It is unfortunately not an uncommon practice for people (especially women) to use smoking as a method of weight control.  The (evil, evil!) tobacco industry has had a role in this – since the 1960s,  they have added appetite suppressants to cigarettes to attract smokers concerned about body weight.

However, what most of these people probably do not know, is that smoking actually increases the risk of abdominal obesity (which is the metabolically bad fat) and diabetes.

It is true that smokers, on average, weight about 4-5 kg less than nonsmokers.   Why?

  • Nicotine is a stimulant, increasing energy expenditure by about 200 kcal per day per pack of cigarettes.
  • Nicotine stimulates the release of serotonin, dopamine, and norepinephrine in the brain, which are neurotransmitters that act in the brain modulate appetite and energy expenditure.
  • Nicotine acts on neurotransmitters that regulate food intake and metabolism such as leptin, neuropeptide Y, and orexins.
  • The effect of leptin (a fullness hormone) may be enhanced by smoking.
  • Smoking can be a behavioral alternative to eating. (though lighting up can also accompany alcohol and unhealthy food choices/environments)

There are a number of undesirable hormonal effects of nicotine as well.  Tobacco influences fat distribution through hormones like cortisol that increase abdominal fat deposition.  In women, nicotine has an anti-estrogen effect which also favors abdominal fat collection.

One of the results of these undesirable hormone effects is that smoking actually increases the risk of diabetes by 44% compared to nonsmokers, independent of body weight.  This may be due to a direct effect of nicotine on the pancreatic cells that produce insulin, as well as the abdominal fat collection as well, which causes insulin resistance.

When people stop smoking, the tendency is towards weight gain of an average of 4-5kg in a year, with 13% of people gaining more than 10kg.   This is because metabolic rate drops, appetite increases as the appetite suppressing effect of nicotine is gone, and there is a behavioural tendency to eat more, especially foods high in fat and sugar, which activate the same reward pathways as nicotine in the brain.  An enzyme called lipoprotein lipase activity in fat tissue is increased 2-3 fold after smoking cessation, which increases the efficiency of energy storage.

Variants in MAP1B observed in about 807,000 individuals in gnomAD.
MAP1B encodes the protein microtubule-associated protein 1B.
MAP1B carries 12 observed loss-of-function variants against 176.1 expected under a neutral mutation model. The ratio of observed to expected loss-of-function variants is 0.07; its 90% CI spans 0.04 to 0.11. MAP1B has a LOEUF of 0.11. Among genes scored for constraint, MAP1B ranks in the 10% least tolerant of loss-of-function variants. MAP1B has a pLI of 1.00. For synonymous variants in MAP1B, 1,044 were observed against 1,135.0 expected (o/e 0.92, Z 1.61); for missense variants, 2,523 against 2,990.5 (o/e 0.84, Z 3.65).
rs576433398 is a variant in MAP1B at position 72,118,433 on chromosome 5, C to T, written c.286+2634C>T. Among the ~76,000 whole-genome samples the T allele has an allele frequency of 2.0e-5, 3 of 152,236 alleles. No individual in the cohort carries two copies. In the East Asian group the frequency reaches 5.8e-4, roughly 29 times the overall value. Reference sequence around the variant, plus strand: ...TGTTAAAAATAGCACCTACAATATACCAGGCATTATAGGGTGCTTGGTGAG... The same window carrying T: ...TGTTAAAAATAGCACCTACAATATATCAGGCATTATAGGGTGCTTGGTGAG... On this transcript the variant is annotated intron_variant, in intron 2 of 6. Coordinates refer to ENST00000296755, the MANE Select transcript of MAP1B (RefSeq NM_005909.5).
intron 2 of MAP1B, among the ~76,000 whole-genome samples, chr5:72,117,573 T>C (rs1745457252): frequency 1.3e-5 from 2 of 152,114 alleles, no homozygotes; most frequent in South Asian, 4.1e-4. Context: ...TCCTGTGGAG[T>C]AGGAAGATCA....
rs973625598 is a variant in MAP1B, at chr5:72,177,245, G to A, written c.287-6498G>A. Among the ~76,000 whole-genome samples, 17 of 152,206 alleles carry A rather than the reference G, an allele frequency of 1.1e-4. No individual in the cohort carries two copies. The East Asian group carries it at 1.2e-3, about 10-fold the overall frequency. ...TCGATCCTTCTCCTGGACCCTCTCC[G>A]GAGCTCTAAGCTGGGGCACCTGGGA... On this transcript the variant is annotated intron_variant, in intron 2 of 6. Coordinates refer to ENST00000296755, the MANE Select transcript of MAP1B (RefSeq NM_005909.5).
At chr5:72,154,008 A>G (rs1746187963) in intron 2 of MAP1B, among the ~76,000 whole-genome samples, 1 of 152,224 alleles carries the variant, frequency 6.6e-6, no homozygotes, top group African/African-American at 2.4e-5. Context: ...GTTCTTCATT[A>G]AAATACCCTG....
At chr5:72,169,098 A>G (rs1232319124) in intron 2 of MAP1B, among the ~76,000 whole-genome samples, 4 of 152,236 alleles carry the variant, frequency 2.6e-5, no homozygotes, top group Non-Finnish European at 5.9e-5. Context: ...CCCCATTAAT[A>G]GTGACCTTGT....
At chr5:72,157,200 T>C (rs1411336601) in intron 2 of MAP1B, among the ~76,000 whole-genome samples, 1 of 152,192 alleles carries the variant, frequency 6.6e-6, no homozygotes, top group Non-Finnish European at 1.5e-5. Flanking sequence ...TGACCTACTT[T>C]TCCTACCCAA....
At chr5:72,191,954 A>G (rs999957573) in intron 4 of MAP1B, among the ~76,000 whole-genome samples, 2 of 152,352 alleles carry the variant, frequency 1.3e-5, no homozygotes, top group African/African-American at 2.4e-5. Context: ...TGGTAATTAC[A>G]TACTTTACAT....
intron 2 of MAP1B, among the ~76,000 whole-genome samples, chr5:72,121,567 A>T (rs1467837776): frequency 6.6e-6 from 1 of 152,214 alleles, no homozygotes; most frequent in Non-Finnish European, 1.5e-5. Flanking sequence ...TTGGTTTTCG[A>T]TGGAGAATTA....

All of the above being said, about 16% of people actually lose weight after smoking – so quitting smoking is not an automatic sentence for weight gain.

What about diabetes risk after quitting smoking?  The risk is intermediate between nonsmokers and smokers; the insulin resistance effect of nicotine is gone but weight usually goes up.  Although the decrease in heart disease risk is dramatic (50% after a year) with quitting smoking, this decrease in risk is not as great if a person gains weight.

Preventing weight gain with smoking cessation has not proven an easy feat.  Nicotine replacement (especially gums) limit weight gain somewhat, but only during the treatment.  A couple of medications (bupropion, which is Zyban, and varenicline, which is Champix) can also limit weight gain; these could help maintain motivation to quit smoking in the initial phases by having less weight gain, allowing the individual to focus on weight related lifestyle change once a little more distant from putting down the cigarettes.

It is clear that helping people quit smoking is not just about putting down the cigarettes – but also about engaging in permanent lifestyle changes to optimize overall health.


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